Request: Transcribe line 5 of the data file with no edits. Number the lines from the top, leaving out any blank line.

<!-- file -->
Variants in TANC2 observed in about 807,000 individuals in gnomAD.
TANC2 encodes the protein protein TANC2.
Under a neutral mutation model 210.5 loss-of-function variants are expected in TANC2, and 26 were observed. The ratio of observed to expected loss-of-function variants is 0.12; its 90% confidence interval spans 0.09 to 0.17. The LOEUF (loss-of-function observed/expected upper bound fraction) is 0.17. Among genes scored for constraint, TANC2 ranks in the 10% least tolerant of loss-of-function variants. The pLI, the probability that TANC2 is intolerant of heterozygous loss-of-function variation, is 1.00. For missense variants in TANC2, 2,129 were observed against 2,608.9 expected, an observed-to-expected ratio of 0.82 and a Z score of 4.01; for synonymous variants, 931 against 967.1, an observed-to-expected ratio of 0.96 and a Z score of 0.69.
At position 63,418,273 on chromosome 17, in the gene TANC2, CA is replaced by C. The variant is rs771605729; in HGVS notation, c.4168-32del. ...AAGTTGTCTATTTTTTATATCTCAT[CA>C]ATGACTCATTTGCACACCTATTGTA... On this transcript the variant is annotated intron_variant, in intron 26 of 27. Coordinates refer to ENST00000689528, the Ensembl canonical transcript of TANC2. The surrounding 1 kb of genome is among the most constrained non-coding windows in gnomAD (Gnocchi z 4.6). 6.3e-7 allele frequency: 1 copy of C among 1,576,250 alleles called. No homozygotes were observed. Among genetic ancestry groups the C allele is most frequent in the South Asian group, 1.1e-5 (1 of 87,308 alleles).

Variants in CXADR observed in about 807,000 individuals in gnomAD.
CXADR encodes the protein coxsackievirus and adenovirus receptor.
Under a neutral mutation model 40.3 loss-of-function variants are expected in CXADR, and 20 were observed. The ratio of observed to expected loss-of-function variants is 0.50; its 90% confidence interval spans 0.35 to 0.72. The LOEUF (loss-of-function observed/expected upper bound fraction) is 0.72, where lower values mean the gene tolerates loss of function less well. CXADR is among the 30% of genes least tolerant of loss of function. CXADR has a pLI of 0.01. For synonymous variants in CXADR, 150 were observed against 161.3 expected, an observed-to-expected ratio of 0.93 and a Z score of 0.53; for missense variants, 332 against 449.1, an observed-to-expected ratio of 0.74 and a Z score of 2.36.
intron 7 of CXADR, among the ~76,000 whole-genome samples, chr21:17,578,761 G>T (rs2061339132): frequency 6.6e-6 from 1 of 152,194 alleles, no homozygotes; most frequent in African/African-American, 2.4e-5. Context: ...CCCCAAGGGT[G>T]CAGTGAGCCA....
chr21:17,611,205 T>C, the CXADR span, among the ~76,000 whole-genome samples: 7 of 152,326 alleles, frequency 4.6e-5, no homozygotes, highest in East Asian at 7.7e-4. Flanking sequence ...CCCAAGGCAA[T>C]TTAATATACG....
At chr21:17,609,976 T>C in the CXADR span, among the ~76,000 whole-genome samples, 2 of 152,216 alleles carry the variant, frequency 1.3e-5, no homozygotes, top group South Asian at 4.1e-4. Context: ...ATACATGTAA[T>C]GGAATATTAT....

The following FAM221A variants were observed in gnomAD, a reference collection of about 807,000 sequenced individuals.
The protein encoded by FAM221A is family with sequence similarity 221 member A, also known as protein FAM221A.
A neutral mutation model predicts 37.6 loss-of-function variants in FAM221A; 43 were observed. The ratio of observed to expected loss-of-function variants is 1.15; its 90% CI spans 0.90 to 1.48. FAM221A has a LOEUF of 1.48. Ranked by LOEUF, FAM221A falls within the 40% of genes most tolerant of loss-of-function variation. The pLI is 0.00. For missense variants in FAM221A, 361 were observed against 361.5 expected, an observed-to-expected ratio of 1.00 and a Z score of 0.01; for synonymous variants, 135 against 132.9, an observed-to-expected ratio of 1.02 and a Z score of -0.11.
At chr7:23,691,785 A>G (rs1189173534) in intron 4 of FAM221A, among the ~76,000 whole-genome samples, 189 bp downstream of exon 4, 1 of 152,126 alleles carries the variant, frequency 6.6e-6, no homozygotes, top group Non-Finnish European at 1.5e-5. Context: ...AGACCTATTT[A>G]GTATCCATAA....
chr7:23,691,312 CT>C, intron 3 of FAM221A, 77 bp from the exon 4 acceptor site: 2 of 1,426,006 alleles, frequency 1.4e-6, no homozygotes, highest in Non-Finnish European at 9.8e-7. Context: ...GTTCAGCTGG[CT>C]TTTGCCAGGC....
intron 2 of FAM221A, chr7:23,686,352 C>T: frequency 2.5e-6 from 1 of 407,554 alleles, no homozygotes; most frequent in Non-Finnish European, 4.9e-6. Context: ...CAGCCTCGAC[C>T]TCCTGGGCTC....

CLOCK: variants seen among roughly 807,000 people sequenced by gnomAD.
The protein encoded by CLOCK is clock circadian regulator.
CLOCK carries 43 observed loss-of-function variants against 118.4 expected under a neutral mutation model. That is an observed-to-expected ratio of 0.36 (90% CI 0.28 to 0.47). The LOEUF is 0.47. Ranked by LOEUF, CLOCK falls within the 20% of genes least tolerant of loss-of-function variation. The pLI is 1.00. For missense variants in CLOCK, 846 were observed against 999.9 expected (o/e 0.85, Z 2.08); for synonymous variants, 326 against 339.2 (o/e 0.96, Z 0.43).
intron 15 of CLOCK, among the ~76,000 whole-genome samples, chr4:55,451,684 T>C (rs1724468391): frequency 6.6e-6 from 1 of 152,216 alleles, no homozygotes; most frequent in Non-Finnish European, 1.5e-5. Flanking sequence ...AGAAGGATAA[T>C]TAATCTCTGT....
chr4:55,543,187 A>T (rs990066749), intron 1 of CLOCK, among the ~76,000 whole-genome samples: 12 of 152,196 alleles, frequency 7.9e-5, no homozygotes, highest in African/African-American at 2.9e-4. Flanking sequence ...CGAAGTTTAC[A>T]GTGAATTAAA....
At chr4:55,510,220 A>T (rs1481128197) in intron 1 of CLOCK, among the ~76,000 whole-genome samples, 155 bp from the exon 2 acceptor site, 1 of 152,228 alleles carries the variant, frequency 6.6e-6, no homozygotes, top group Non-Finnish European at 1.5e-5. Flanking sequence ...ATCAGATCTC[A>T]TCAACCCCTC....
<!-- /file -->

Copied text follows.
Variants in CXADR observed in about 807,000 individuals in gnomAD.